Hands-on with Hopscotch: Coding for Kids

Product: Hopscotch is a free iOS app that allows kids to create and share their own games using a block-based drag-and-drop platform similar to Scratch. They can also play and build on games from a large library of content developed by other users. The app is free, but advanced features (including game-specific tutorials and the ability to add your own images) require a subscription starting at $7.99/month. A free one-week trial is available.

Glows: Hopscotch has a simple and clean interface with no ads, in-app purchases, or other distractions. Kids who want to learn to code but don’t have ideas of their own can gain inspiration from games made by other kids. Subscribers have access to video tutorials covering popular game styles such as Crossy Road and Subway Surfers.

Grows: Kids with no coding experience may struggle to get started, especially without the subscription-only tutorials. The limitations of the block coding format sometimes requires awkward solutions to relatively simple problems. The app only has one profile, so kids may need to share with siblings.

Bottom Line: Hopscotch shines for kids who already have some understanding of coding logic, the ability to read, and a passion for video games. Kids who want to make other types of content or need a more basic introduction will want to look elsewhere.

Rating: 4/5 stars

How Hopscotch Works

Hopscotch uses block-based snippets of code to create an environment that is friendly to new coders. Kids “snap” the pieces together to create larger programs without having to learn individual commands. It is similar to Scratch, but better suited for slightly older kids. It’s also aimed at gaming and not things like animations. There is no introductory tutorial, so kids will need to dive in with their projects, watching specific tutorials if they need help.

There is plenty of room for creativity while coding. Kids can use the library of included images or draw their own. Subscribers can bring in any images they want, allowing them to even mimic their favorite games. Kids use loops, conditionals, math operations, variables, and other standard coding tools to create interactive and fun games. They can even create their own functions (called “rules”) so they can easily use bundled sets of commands in their games.

Kids can browse the library of games from other users to play or get inspiration. Once they upload their own games, they can receive feedback by way of hearts or notifications that someone else has created a new game based on their code.

Inspiration Behind Hopscotch

Much like other block-based programming language developers, Hopscotch founders subscribe to a constructivist view on learning. They believe that kids learn best by doing and that experimentation, exploration, and even “failure” are all steps to mastering a subject. Hopscotch is meant to provide an age-appropriate “sandbox” for kids to learn about coding. They can create their code, test it safely, and debug in a private mode before releasing a final version for others to enjoy.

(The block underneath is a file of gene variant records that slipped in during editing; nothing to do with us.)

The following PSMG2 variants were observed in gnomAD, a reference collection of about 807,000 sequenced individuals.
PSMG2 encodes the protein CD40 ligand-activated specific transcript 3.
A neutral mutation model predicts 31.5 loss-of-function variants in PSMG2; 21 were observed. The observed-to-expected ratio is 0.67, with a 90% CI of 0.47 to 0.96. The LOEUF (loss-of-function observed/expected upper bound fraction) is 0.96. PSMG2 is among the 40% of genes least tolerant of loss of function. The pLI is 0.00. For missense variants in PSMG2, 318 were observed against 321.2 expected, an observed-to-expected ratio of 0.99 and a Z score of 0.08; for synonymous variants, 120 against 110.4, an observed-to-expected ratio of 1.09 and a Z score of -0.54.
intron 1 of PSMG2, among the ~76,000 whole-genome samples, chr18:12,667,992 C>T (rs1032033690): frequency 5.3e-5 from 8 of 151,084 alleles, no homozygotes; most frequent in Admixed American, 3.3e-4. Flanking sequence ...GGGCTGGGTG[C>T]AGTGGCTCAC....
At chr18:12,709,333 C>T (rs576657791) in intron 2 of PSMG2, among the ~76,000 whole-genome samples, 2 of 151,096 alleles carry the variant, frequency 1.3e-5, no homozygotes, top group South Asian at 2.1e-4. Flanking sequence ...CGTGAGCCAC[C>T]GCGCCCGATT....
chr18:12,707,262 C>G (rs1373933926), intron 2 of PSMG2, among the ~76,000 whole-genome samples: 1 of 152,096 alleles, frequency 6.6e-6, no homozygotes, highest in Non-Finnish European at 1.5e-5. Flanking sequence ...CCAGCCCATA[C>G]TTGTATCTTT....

How to Get Started

One of the highlights of Hopscotch is the ability to play other users’ games and then look at and alter their code. The fastest way for many kids to get started is to find a game that looks interesting, dive into the code, and start playing around with it. It’s also a great way to find inspiration for new games to create, which is often a stumbling block for kids who are new to coding.

For kids who already have an idea, there are tutorials available around various topics. Many of these are only available to subscribers so families may find it worthwhile to subscribe, especially early on. Kids can find tutorials on specific game types, such as Escape the Room or Fruit Ninja, but there are also tutorials for game mechanics like an on-screen joystick, timers, and adding your own photos.

Family-Friendly Features

  • User-generated content is always a bit of a gamble, but Hopscotch strives to have a family-friendly platform. They have rules against inappropriate language and content in the games, but they do rely somewhat on user reports to help with moderation.
  • Kids create user names to represent their profiles. They can upload their own games under this pseudonym.
  • There is no communication in the platform other than giving “hearts” to other games. Players can also request a notification if another user creates a new game using their code.
  • Several of the menu options in Hopscotch are blocked by a single-digit multiplication parent gate. These include the ability to share games via social media or email, subscription options, and access to the FAQ and help beyond in-game tutorials. There is a lot of help content outside the app that kids may wish to access. Most kids who are old enough for Hopscotch will have no trouble bypassing this parent gate.


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